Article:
| || |
(b) the melt of the starting glass is shaped in the desired manner and cooled, and
(c) the shaped glass product is subjected to at least one heat treatment in the temperature range from 400 to 1100° C. in order to obtain a shaped glass ceramic product in the form of a blank.
In process stage (a), a melt of a starting glass is produced, to which end suitable starting materials, such as carbonates, oxides, phosphates and fluorides, are intimately mixed and heated to temperatures of, in particular, 1200 to 1600° C. In order to obtain a particularly high degree of homogeneity, the glass melt obtained may be poured into water to form glass granules and the glass granules obtained are melted again at temperatures of, in particular, 1200 to 1600° C. for 1 to 4 hours.
The melt of the starting glass preferably contains at least one of the following further components:
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| || |
| ||Component ||Wt. % |
| || |
| ||ZrO2 ||0 to 10.0 |
| ||K2O ||0 to 13.5 |
| ||P2O5 ||0 to 11.0 |
| ||Colour and |
| ||fluorescent components ||0 to 8.0 |
| ||Additional components ||0 to 6.0 |
| || |
Surprisingly, it was established that the additional incorporation of ZrO2 led to an increase in translucence, although the opposite effect was observed in the conventional glass ceramic according to EP-B-536 479.
Ranges that may be chosen independently of one another, unless otherwise specified, exist for the quantities of the individual components, said ranges being as follows:
| || |
| || |
| ||Component ||Wt. % |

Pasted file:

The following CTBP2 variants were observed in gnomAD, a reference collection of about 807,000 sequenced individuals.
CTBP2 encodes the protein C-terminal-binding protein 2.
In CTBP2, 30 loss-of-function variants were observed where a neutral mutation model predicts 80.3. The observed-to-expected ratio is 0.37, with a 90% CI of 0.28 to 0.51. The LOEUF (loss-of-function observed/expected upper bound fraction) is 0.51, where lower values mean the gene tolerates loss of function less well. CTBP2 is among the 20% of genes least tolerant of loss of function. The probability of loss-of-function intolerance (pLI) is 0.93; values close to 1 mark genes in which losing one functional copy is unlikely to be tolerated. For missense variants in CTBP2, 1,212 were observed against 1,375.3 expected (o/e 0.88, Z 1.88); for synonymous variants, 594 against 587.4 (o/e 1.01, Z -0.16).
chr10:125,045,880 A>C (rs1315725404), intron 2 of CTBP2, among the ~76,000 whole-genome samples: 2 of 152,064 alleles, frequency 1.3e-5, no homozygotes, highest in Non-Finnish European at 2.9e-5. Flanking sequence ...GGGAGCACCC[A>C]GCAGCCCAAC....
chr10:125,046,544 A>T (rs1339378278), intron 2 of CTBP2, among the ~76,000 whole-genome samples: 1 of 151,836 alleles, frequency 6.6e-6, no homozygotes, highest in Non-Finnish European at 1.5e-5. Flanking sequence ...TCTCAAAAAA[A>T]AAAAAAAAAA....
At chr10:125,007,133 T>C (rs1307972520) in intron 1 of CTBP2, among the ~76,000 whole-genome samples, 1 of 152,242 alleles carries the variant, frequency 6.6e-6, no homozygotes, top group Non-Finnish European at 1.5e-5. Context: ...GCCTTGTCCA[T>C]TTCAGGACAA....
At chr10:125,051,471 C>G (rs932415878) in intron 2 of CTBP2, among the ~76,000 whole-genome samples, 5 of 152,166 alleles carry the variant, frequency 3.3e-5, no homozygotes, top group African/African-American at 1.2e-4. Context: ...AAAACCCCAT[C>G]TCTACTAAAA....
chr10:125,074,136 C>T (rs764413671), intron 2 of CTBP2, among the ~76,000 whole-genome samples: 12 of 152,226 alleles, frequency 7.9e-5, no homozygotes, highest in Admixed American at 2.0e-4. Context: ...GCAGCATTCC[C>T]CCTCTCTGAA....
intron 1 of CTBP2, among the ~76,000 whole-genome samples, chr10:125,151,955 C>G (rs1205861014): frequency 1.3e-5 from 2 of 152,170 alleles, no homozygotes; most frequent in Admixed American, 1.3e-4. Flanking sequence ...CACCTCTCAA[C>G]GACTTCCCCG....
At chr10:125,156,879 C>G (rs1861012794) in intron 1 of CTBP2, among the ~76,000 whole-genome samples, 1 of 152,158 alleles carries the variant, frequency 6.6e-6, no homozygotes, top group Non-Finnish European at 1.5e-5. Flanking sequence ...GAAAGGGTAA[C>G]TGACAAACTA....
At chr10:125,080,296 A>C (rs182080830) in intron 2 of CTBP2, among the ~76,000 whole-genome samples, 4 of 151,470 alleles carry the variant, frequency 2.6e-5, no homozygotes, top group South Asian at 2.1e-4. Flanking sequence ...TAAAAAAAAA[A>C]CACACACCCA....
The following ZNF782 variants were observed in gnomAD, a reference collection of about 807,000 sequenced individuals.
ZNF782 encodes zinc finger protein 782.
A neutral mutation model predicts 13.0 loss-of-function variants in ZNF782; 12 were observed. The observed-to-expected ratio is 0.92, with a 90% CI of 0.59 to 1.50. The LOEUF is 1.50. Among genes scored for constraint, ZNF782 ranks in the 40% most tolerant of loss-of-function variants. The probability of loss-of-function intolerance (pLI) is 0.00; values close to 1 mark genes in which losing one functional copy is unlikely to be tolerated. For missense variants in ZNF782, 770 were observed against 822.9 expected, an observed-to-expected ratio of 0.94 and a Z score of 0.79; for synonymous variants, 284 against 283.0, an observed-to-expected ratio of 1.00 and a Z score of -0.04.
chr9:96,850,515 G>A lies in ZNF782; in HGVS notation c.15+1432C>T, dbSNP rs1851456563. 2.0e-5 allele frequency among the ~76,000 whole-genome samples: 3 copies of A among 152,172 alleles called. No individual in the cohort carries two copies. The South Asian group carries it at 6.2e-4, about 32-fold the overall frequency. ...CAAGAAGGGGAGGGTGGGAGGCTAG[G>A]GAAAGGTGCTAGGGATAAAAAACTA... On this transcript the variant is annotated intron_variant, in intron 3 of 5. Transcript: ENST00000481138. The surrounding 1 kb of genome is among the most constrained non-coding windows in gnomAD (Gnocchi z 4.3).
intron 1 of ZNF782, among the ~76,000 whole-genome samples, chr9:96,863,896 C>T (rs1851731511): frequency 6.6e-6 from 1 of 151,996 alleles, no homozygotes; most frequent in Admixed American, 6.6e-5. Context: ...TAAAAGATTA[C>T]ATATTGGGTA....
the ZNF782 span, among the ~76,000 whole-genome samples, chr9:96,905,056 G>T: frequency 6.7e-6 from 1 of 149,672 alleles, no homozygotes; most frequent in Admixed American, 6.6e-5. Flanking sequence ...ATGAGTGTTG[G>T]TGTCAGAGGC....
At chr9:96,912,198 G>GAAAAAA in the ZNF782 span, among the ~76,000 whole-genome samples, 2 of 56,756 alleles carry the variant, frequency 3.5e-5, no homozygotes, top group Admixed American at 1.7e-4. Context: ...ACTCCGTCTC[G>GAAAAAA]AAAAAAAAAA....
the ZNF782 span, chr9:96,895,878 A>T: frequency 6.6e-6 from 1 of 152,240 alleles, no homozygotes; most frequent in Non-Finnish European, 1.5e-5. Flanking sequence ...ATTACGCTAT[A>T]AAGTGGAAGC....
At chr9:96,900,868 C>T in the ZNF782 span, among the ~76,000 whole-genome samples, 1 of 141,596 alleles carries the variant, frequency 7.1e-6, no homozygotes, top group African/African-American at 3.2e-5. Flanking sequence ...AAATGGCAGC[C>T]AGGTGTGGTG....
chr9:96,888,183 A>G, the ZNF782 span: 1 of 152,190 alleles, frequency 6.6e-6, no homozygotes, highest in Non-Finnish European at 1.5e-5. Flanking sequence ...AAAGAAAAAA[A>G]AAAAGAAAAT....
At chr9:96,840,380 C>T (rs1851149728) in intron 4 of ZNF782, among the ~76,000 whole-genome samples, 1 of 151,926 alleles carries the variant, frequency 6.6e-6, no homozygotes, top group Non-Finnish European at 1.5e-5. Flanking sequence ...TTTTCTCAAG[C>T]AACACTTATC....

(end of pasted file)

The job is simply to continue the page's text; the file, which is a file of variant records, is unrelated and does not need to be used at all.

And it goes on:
| || |
| ||SiO2 ||57.0 to 75.0 |
| ||Al2O3 || 0 to 2.5 |
| ||La2O3 ||0.1 to 4.0 |
| ||MgO ||0.1 to 5.0 |
| ||ZnO || 0 to 6.0, |
| || ||particularly 0.1 to 5.0 |
| ||ZrO2 || 0 to 8.0, |
| || ||particularly 0.1 to 8.0 |
| ||K2O || 0 to 9.0, |
| || ||particularly 0.5 to 7.0 |
| ||Li2O ||13.0 to 19.0 |
| ||P2O5 || 0 to 8.0, |
| || ||particularly 0.5 to 8.0 |
| ||colour and |
| ||fluorescent components ||0.1 to 8.0 |
| ||additional components || 0 to 3.0. |
| || |
For example oxides of f-elements may be used as colour components or fluorescent components. In preference, at least one of the following compounds is used.
| || |
| || |
| ||Component ||Wt. % |
| || |
| ||CeO2 || 0.1 to 5.0 |
| ||V2O5 || 0.01 to 1.0 |
| ||Fe2O3 || 0.01 to 1.0 |
| ||MnO2 || 0.01 to 3.0 |
| ||TiO2 || 0.01 to 5.0 |
| ||Y2O3 || 0.01 to 2.0 |
| ||Er2O3 ||0.001 to 2.0 |
| ||Tb2O3 ||0.001 to 2.0 |
| ||Eu2O3 ||0.001 to 2.0 |
| ||Yb2O3 ||0.001 to 2.0 |
| ||Gd2O3 ||0.001 to 2.0 |
| ||Nd2O3 ||0.001 to 2.0 |
| ||Pr2O3 ||0.001 to 2.0 |
| ||Dy2O3 ||0.001 to 2.0 |
| ||Ag2O || 0.01 to 2.0 |
| ||SnO2 || 0.01 to 3.0 |
| ||Ta2O5 ||0.001 to 2.0 |
| || |